BRYN MAWR REVIEW OF COMPARATIVE LITERATURE

Volume 3, Number 1 (Fall 2001)
 
Ann Rosalind Jones and Peter Stallybrass, Renaissance Clothing and the Materials of Memory

Cambridge: Cambridge University Press, 2000.
368 pp. (+ i-xiii). ISBN 0521781027. 

Reviewed by Jane Hedley
Bryn Mawr College

Renaissance Clothing and the Materials of Memory is a fascinating study that advantageously blends the scholarly interests of its fashioners, who are among the most influential literary scholars of their generation.  Their scholarly partnership has impressively extended the reach of each one’s already wide-ranging scholarship, and their scholarly apparatus, by citing an enormous number of other scholars with whose work they have been in dialogue over a ten-year period, affirms that literary scholarship is socially produced to a greater extent than most of its practitioners know how to acknowledge.  Their study “participates in a renewed attention to material culture” (xi) that has produced a number of important books over the past fifteen years, including Patricia Fumerton’s Renaissance Literature and the Practice of Social Ornament (1991), Lisa Jardine’s Worldly Goods: A New History of the Renaissance (1996), and Arjun Appadurai’s edited collection of essays on The Social Life of Things (1986). 

The Cambridge Studies in Renaissance Literature and Culture (General Editor Stephen Orgel), under whose auspices this book is published, is a series whose stated purpose is to strengthen both the theoretical and the historical purchase of the New Historicists’ move away from formalism.  The New Historicists of the 1970s sought to re-position literature as “an aspect of social, economic, political and cultural history” (iii);  scholars who have continued to do this work in the 1980s and 90s have not only been more theoretically self-conscious than the first generation of New Historicists, but also more radically and provocatively anti-“literary.”  This book’s most important theoretical excursus anticipates the charge that in working to “restore the significance of things to the making of culture” its authors have succumbed to the materialism of their own cultural moment.  Critics who charge this and scholars who worry about being accused of it often do so in the name of Karl Marx; but Jones and Stallybrass point out that “Marx’s critique of capitalism is not a critique of ‘materialism’”: in Marxian terms it’s not things that are “fetishized” under capitalism, but commodities (8).  Indeed, they go on to point out, the word and concept of the fetish are themselves the coinage of international capitalism.  Drawing on a series of articles by William Pietz, they trace both the word and the concept of the fetish to the beginning of the seventeenth century, a historical moment in which the European subject as we know him was beginning to emerge along the African Gold Coast: “a subject unhampered by fixation upon objects. . . who . . . fixated instead upon the transcendental values that transformed gold into slaves, slaves into ships, ships into guns, guns into tobacco, tobacco into sugar, sugar into gold, and all into an unaccountable profit” (11).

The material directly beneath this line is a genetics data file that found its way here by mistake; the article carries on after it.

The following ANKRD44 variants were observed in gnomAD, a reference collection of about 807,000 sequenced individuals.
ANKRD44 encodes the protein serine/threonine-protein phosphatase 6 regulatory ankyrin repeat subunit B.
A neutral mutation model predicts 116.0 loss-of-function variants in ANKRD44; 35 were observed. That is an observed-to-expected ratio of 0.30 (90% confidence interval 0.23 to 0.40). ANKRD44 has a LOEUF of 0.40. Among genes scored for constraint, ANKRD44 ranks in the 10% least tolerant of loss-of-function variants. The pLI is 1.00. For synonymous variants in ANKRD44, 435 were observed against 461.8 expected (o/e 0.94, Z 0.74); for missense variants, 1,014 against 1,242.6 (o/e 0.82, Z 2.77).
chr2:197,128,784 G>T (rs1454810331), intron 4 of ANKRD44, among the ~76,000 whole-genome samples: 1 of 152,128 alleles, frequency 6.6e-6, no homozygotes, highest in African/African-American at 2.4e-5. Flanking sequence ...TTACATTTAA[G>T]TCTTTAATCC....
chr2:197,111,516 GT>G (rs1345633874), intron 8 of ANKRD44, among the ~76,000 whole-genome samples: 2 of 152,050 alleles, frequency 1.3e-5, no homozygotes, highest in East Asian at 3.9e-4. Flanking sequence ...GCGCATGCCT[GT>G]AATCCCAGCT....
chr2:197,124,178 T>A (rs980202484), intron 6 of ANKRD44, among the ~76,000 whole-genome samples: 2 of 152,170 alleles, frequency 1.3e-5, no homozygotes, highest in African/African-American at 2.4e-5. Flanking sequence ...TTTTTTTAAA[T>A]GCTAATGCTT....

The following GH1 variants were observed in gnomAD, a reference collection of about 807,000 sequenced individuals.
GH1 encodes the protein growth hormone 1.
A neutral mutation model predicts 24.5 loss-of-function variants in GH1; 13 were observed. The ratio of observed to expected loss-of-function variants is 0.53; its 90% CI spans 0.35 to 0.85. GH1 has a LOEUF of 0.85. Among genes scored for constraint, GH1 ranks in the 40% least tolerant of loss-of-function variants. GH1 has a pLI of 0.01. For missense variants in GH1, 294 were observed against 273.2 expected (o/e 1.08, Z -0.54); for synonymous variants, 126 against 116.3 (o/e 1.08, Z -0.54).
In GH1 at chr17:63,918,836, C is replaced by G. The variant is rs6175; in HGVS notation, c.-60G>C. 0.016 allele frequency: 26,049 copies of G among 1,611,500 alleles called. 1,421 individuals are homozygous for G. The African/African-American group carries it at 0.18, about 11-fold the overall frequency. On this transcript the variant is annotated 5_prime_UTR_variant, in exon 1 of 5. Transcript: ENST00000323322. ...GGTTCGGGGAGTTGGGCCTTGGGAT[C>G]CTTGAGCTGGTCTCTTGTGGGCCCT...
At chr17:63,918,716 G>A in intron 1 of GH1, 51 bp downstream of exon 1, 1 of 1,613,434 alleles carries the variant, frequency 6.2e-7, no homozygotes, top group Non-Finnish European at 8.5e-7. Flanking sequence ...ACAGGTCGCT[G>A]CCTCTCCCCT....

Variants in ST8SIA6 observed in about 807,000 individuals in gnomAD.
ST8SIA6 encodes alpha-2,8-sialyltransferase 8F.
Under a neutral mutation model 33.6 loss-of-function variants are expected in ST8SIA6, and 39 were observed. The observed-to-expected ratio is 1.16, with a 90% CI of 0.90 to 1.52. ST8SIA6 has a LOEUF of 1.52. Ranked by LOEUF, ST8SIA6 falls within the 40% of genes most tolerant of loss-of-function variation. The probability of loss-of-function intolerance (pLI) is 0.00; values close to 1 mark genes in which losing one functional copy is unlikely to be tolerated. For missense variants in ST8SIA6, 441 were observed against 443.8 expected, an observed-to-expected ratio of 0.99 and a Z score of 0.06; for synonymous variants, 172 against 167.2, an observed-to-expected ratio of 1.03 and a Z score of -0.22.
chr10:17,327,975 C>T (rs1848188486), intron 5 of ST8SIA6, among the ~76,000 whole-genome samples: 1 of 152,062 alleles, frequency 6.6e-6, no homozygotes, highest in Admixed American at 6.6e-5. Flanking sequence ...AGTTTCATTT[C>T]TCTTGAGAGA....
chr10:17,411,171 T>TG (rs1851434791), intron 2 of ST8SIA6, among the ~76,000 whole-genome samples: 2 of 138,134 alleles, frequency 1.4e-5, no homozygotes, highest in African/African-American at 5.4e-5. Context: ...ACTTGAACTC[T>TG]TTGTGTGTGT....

Jones and Stallybrass seem determined to make us better acquainted with clothes as commodities than we might wish to become, especially if we have clung to the conviction that for Renaissance texts the context that matters is itself textual, to be found in the history of words and ideas and generic conventions rather than yellow starch or the second-hand clothing trade.  Their first chapter, punningly entitled “The currency of clothing,” has two epigraphs: a statistical overview of the expansion of the clothing trades in England between 1530 and 1609, and an excerpt from an anti-feminist tract that itemizes the sums a spendthrift matron has borrowed to purchase clothes.  Of the eleven paragraphs that comprise the first full section of the chapter itself, six consist largely or entirely of information concerning the monetary value of articles of dress.  This chapter’s discussion of the livery system--the payment of servants and other dependents in food, lodging, and especially clothing--leads up to a wonderfully suggestive reading of two lines from Paradise Lost about the clothing of our first parents in the Garden of Eden, but the path to that reading lies through a dense thicket of pounds, shillings and pence: how much Queen Elizabeth paid her ladies in waiting, how many fox and lamb skins were used to “fur” the gown and jerkin of a court jester whose name is mentioned in Love’s Labor’s Lost, how much a Berkshire farmer, a clergyman, the queen’s astronomer, and assorted members of the English aristocracy paid their servants in livery and wages.  Both here and in their chapter on yellow starch, as well as a later chapter that suggests we begin to think of the theater in England as “a new and spectacular development of the clothing trade” (176), the copious itemization of commodities and their histories of ownership seems rhetorically deliberate, yet oddly at cross-purposes with the authors’ intention to help us re-imagine clothes as rich repositories of “history, memory and desire” (11).  I found myself wanting, especially in the two earlier chapters, to hear more about the social lives and less about the financial vicissitudes of all these starched ruffs and carnation silk stockings.

Jones and Stallybrass characterize our own cultural moment as one in which “a person is [understood to be] prior to his or her wardrobe” (276), but argue that in the Renaissance people experienced themselves as having been fashioned by their clothing in a very deep way.  Their “habits” of dress inscribed on their bodies a system of relationships and obligations that made them who they were in the most basic, literal sense.  “Clothes permeate the wearer, fashioning him or her within”--not only was this truer for Shakespeare’s and Spenser’s and Donne’s contemporaries than it is for us, it was a truth they were better positioned to know and acknowledge, since it is “an insight more familiar to pre- or proto-capitalist societies than to fully capitalist ones” (3).  The value of clothes--and they were much more valuable then than now, relative to other living expenses and forms of income--“pointed in antithetical directions” (11).  Early seventeenth-century men and women were beginning to experience “fashion” in the modern sense of rapidly, arbitrarily, changing styles of dress; but this experience was uncanny and disturbing, since the notion of “fashion-as-change was in tension with the concept of fashion as ‘deep’ making or as enduring cultural pattern” (5). One of the ways in which that contradiction played itself out, Jones and Stallybrass suggest, was in moralists’ and satirists’ anxiety about the importation of foreign fashions and fabrics, which seemed to portend a “radical undoing of Englishness” (55).